- The court’s permission is not required to adduce pre-existing evidence containing expert opinion, such as a third party report or article. Permission is only required where the expert has been instructed for the purposes of the proceedings.
- The court does however have a discretion to exclude such evidence, and may do so for example if the evidence is of a sort that the court would have difficulty understanding and evaluating without an expert’s assistance. Continue reading
The High Court has refused to order that the identities of certain witnesses should be protected and that their evidence should be heard in private: Cherney v Deripaska  EWHC 1781 (Comm). The court accepted that it had the power to make such orders where necessary to protect the interests of a witness but, for most of the witnesses concerned, concluded that there was not sufficient evidence to show that there was a real risk of violence against them.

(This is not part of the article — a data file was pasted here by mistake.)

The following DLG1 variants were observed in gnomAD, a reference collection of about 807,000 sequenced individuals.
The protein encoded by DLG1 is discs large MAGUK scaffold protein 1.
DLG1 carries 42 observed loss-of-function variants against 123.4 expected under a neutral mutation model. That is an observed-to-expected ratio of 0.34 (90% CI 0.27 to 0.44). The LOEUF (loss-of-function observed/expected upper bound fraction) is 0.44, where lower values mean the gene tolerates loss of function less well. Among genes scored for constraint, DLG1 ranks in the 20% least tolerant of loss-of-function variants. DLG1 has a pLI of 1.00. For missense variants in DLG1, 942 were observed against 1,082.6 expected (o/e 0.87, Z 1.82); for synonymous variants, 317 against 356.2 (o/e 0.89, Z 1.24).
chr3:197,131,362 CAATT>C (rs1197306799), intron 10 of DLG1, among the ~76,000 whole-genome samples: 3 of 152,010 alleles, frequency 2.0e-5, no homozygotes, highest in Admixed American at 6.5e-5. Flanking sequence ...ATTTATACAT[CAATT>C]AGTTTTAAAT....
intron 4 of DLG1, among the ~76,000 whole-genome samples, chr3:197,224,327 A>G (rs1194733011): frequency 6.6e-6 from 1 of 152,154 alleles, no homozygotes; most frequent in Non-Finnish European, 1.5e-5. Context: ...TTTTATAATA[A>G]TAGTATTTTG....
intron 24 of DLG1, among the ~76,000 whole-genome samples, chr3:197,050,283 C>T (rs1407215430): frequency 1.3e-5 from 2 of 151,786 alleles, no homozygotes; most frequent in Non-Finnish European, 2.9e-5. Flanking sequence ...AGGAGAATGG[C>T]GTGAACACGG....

The decision suggests that very compelling evidence will be needed before the court will agree to make a witness anonymity order or sit in private to protect witnesses. It seems that orders will not necessarily be granted where a witness faces danger because of giving evidence; the question is whether any danger would be reduced by the orders sought. Where the witnesses’ identities have already been published, or are known to the relevant parties, it may be difficult to obtain an order.
The decision is however subject to appeal, for which the Court of Appeal has granted permission. The hearing has been fixed for 5 September. Continue reading